Due to a personality that hates being pigeonholed and can't accept inaccurate generalization easily, stereotypes drive me insane. Almost literally. I used to want a name tag that read..."Hi, I'm Alisha. I'm American, but not every American." I wanted room to breathe within my cultural heritage, to not feel constantly apologetic, to not feel like I had to prove that America is diverse and intelligent and not what you think. I'd get all fired up defending America against inaccurate stereotype, and defensiveness is an exhausting habit.

Me and stereotypes have yet to completely reconcile, but now that I live in the US I have less to defend. And I just don't care as much anymore, which is refreshing. Often, I love thinking about the differences between the US and the UK, but other days, like today, it's even better remembering that, really, we're all just the same, trying to live normal, fulfilling lives marked with love and happiness. And moderately straight teeth.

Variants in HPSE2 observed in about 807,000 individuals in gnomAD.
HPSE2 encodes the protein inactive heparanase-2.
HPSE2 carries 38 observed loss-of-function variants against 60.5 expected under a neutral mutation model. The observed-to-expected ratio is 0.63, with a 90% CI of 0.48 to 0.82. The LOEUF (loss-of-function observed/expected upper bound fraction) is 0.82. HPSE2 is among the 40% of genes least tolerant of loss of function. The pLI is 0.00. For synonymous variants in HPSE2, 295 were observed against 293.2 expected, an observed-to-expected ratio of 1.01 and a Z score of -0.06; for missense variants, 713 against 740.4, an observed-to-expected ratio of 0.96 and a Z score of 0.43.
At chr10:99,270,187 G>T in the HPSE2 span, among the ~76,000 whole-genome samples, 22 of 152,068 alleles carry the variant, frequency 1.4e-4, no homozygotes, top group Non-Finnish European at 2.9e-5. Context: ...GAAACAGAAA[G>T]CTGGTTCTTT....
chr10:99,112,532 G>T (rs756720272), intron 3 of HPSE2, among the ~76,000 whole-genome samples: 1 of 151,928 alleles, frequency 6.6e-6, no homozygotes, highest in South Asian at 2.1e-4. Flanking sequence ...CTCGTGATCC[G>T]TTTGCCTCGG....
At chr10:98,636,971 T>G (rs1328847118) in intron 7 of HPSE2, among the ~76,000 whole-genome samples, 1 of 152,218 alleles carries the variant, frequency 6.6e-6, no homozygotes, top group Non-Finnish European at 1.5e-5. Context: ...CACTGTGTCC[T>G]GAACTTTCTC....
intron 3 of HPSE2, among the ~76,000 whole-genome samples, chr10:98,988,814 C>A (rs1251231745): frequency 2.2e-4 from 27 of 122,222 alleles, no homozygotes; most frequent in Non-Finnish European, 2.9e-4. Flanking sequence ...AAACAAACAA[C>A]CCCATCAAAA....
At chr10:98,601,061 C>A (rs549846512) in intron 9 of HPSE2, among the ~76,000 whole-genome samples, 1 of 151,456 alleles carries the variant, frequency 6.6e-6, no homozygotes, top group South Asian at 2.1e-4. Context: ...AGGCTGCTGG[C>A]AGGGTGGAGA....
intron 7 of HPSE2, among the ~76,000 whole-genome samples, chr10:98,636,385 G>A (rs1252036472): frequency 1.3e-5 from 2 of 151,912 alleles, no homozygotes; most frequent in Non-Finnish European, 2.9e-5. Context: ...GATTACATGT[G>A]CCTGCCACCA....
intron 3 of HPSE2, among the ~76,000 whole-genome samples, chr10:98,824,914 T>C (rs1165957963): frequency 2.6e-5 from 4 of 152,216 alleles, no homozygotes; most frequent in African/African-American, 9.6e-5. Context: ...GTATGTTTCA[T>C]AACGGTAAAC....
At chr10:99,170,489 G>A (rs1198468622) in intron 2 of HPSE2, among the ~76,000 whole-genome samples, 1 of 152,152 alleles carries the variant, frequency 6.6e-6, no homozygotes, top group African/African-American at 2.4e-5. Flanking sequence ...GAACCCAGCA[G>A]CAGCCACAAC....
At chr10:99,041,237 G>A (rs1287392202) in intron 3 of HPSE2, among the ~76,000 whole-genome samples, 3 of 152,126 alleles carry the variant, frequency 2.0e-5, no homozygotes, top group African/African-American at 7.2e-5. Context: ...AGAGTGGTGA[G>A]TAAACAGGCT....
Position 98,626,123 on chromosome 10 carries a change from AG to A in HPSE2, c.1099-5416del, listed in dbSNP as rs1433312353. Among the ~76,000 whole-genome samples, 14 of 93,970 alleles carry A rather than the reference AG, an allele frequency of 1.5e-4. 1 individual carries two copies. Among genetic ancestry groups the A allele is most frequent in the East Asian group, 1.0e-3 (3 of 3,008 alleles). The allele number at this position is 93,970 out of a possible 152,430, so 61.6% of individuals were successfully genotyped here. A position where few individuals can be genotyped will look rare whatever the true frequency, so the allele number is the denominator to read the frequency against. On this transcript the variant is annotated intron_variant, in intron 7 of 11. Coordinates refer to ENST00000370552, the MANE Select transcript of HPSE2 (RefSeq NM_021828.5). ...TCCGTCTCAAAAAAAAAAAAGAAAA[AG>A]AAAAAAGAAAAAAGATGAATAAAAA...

Do you have any stereotypes that drive you insane? Have you ever been challenged by a stereotype? This is beginning to feel like a book club discussion guide, but really, what a great topic, huh?

{Photos by}


Anne-Margaret said...

As an American who has lived in Germany and is currently living in the UK, I have had my fair share of experiences with stereotypes.

Stereotypes are a truly complex thing because often times they were, at least at some point, based in fact. Take the UK's food stereotype for example. To be honest, the food I have eaten here generally lives up to its mediocre reputation, save for a few more posh places in inner cities. Maybe I am just going to the wrong places but I definitely miss the variety and quality found in US restaurants.

And my own experience with American stereotypes has been far more bearable here in the UK than it was in Germany. Brits are generally pretty polite (how's that for another stereotype, for ya) and are never as in your face about their views on Americans. Germans, on the other hand, often have no problem letting you know their take on Americans the minute they hear your accent.